The database has already produced results. Following the systematic scanning of published file cards and photos, a Pettenkofen watercolour held by the Albertina since 1963 was identified fifty-five years after its confiscation from the Louis Rothschild collection. In June 2018, the Art Restitution Advisory Board recommended its restitution.
Accompanying texts have been available in English since summer 2018. In 2019 a further 400 cards were discovered during an inventory of the KHM archive and added to the Online Edition. In 2020, a comparison was made with a further 122 photos of various origins in the KHM archive showing individual objects or groups of objects from the seized collections. They include paintings, drawings, artefacts, weapons and armour from the Aldor, Altmann, Goldmann, Gutmann, Haas, Kornfeld, Kulka, Pilzer, A. and L. Rothschild and Thorsch collections and were evidently photographed at different times. Blog entries have been created for 170 object numbers from the Central Depot with links to the photos now published in the KHM’s online collection. Thanks to the assistance of members of the research community, additional information has been obtained on around 600 object numbers.
Project duration: October 2015 to December 2017, continuous updating
Financing: Commission for Provenance Research and Kunsthistorisches Museum Wien
Project team: Lisa Frank (Commission for Provenance Research), Susanne Hehenberger (project coordination, KHM), Peter Kloser (KHM), Leonhard Weidinger (Commission for Provenance Research)
Cooperation partners: Commission for Provenance Research, Kunsthistorisches Museum Wien, Federal Monuments Authority
Database of provenance markings
The database of provenance markings, developed by René Schober and Christina Gschiel and managed since 2016 by Julia Eßl, is designed for the documentation, collection and investigation of markings on museum objects (e.g. on the back or frame of paintings and drawings, or on the bottom of applied art objects). The findings of expert appraisals (autopsies) are linked to the data from the mounting in a specially designed database, which facilitates the collection and comparison of provenance markings and the identification of the former owners.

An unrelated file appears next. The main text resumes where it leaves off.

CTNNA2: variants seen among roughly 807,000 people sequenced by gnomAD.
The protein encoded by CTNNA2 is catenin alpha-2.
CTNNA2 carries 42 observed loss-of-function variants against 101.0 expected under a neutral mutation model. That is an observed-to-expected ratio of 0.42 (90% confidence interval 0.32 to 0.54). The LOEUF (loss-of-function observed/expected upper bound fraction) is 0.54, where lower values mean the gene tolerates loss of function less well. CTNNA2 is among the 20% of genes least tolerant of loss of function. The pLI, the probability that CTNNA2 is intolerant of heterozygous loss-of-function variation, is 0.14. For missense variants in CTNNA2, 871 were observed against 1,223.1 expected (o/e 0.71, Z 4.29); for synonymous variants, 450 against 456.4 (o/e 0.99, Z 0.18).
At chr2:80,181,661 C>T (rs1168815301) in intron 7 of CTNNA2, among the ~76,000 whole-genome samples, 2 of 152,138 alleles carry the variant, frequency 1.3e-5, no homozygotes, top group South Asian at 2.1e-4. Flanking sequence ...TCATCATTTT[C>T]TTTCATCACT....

Typical markings include export stamps, company stamps, museum stamps, exhibition labels/stamps, gallery labels/stamps, estate stamps, inscriptions, inventory stamps, numbers/letters, bookplates, consignment
numbers or customer stamps/seals.
Thanks to the online accessibility of these data, knowledge and information can be rapidly exchanged. The database is subject to registration and all data entered into it are accessible only to users with a justified interest in them.
As at September 2020 the database of provenance markings contained around 900 entries.
Project duration: May 2010 to December 2011, continuous updating
Financing: Commission for Provenance Research
Project team: René Schober and Christina Gschiel (2010–2016), Julia Eßl (since 2016)
The art market as illustrated by the Federal Monuments Authority export forms and documents from 1938 to 1945 and the role of transporters in that context
Under the 1918 Austrian Export Prohibition Act and the 1923 Protection of Monuments Act, the export of valuable art objects from Austria was strictly regulated. This legislation was exploited during the Nazi era to block the export of valuables belonging to persecutees. After the war, it was also used to force victims, most of whom now lived abroad, to donate or sell to museums artworks coming under the export prohibition, in return for the permission to export other items. Between 1938 and 1945, around 18,000 export applications were made, the vast majority in 1938. The forced emigration of the Jews and their dispossession were the main reason for the enormous increase in applications after the annexation of Austria to Nazi Germany.